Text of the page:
This course provides a broad overview of computer science. You will learn about the basic areas of the discipline--algorithms (the foundation of computer science), what goes on inside a computer, how to design an algorithm and write a program to solve a problem on the computer, how your program is translated to a form the computer can "understand," some theory (can a computer solve anything?), social issues, and some applications in networks, artificial intelligence and environmental studies. Weekly labs provide experiments with concepts presented in class. Programming is done in C++.
This course is required for majors, but is a self-contained course designed to appeal to non-majors looking for a general introduction to computer science.
Prerequisites: None! No previous knowledge of computer science is required.
Instructor: Laura Toma
Office: 219 Searles Hall
Email: ltomaATbowdoin.edu (replace AT with @)
Office hours: Mon, Wed 1-2, Tue 2:30-3:30, Thu 4-5. Send me an email to set up a different time.
Class Email: csci107ATbowdoin.edu (replace AT with @)
Class webpage: http://www.bowdoin.edu/~ltoma/teaching/cs107/spring04/
Bowdoin class webpage: http://academic.bowdoin.edu/courses/f03/csci107
|Jan 26||Introduction and overview.||L0.ppt, Chapter 1|
|Jan 29, Febr 2||Algorithm design.||L1.ppt, L2.ppt, Chapter 2|
|Febr 4, 9, 11, 16||Efficiency of algorithms.||L3.ppt, L4.ppt, L5.ppt, L6.ppt, Chapter 3|
|Febr 19||EXAM 1||Chapter 1, 2, 3, practice-exam1.doc|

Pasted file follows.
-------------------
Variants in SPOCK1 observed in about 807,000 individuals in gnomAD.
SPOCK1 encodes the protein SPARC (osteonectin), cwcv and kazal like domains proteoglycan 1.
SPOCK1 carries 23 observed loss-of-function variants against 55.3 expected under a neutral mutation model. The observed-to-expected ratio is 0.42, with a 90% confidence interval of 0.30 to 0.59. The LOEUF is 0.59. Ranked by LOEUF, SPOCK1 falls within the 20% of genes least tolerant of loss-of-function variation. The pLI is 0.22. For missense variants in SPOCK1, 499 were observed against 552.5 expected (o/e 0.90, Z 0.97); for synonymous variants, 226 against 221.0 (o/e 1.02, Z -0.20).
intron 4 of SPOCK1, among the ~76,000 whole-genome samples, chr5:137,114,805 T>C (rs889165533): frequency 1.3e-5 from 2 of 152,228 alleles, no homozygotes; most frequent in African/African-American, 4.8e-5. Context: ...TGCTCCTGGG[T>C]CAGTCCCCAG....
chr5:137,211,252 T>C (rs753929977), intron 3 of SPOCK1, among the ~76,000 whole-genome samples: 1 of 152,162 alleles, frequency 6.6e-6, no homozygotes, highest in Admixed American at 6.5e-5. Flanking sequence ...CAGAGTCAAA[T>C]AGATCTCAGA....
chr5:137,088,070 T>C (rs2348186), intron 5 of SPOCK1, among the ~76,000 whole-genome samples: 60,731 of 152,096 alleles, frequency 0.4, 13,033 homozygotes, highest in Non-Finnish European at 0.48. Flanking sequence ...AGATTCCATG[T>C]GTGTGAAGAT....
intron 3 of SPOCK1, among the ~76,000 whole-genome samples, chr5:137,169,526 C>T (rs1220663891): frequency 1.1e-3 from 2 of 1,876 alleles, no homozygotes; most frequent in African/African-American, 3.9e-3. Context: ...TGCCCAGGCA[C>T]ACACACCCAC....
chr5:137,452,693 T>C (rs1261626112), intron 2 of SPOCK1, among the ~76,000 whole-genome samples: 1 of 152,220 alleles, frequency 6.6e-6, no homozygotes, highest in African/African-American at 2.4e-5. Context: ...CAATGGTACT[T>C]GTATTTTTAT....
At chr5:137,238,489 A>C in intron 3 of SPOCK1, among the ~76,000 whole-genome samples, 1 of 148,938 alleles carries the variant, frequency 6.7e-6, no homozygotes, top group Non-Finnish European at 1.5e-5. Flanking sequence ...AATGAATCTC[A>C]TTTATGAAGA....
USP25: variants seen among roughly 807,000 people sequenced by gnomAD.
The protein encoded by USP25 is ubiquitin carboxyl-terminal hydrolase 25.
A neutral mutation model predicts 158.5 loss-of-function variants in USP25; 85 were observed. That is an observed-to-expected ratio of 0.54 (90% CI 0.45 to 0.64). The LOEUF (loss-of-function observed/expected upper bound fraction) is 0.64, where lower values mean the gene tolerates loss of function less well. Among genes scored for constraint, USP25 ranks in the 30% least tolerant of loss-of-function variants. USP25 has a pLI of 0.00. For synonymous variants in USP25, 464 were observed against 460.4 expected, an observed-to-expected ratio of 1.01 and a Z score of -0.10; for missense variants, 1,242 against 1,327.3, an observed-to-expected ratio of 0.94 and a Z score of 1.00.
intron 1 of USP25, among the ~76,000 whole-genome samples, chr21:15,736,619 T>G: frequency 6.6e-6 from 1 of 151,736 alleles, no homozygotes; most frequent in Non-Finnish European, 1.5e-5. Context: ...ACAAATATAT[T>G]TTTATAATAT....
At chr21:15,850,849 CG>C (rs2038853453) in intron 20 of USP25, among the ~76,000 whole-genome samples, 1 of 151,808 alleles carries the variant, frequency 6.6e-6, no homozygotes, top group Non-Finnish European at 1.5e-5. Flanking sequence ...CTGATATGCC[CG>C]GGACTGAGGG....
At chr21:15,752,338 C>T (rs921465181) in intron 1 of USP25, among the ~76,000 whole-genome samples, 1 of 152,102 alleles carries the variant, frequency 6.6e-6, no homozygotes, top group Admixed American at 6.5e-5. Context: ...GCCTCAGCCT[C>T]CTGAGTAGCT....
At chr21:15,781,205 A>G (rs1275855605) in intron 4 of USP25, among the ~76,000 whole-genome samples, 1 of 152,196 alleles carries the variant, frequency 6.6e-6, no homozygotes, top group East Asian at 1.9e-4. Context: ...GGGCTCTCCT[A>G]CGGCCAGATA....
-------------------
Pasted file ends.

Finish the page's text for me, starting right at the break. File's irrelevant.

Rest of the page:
|Febr 23, 25||Logic, gates, circuits.||Chapter 4|
|March 1, 3||Machine organisation.||Chapter 5|
|March 8||Programming languages.||Chapter 6|
|March 10, 29, 31, April 5, 7||Programming in C++.||Chapter 7, C++basics.ppt, practice-exam2.doc|
|April 12||EXAM 2||Chapter 4, 5, 6, 7|
|April 14||C++ graphics programming.||graphics.ppt|
|April 19, 21||Turing machines and computability.||Chapter 10|
|April 22||Special topics:
Artificial intelligence (Chapter 12) or
Applications of Computer Science to Environmental Studies and Geographic Information Systems
|April 26||Social issues: Student presentations.
In-class discussion and team meeting.
|Chapter 14, Presentation guideline|
|April 28||Sonia Weinhaus, Astrid Rodriguez, Kevin Mullins:
Computer crime. Trusted computing.
|April 29||Hai Anh, Connor Carpenter:
Tori Parker, Chris Sullivan:
Cyberspace and cyberights; Privacy and anonimity.
|May 3||Charles Tickotsky, Dan Yingst, Tom Rodriguez:
Patriot Act, Carnivore, TIA.
|May 5||Tori Parker, Chris Sullivan:
Cyberspace and Cyberights; Privacy and anonimity.
Bryan Ciborowski, Chris Field:
Copyright and intelectual property. Digital copyright law.
|May 6||Adam Kinney, Sam Kolins, Will Morris:
Encryption and data security.
|May 10||Final Review|
|May 10||Review, discussion and evaluations.|
|May 18 at 9am||FINAL EXAM||Chapter 7, 10, 14|
Students are expected to follow the Bowdoin Computer Use Policy and the Academic Honor Code.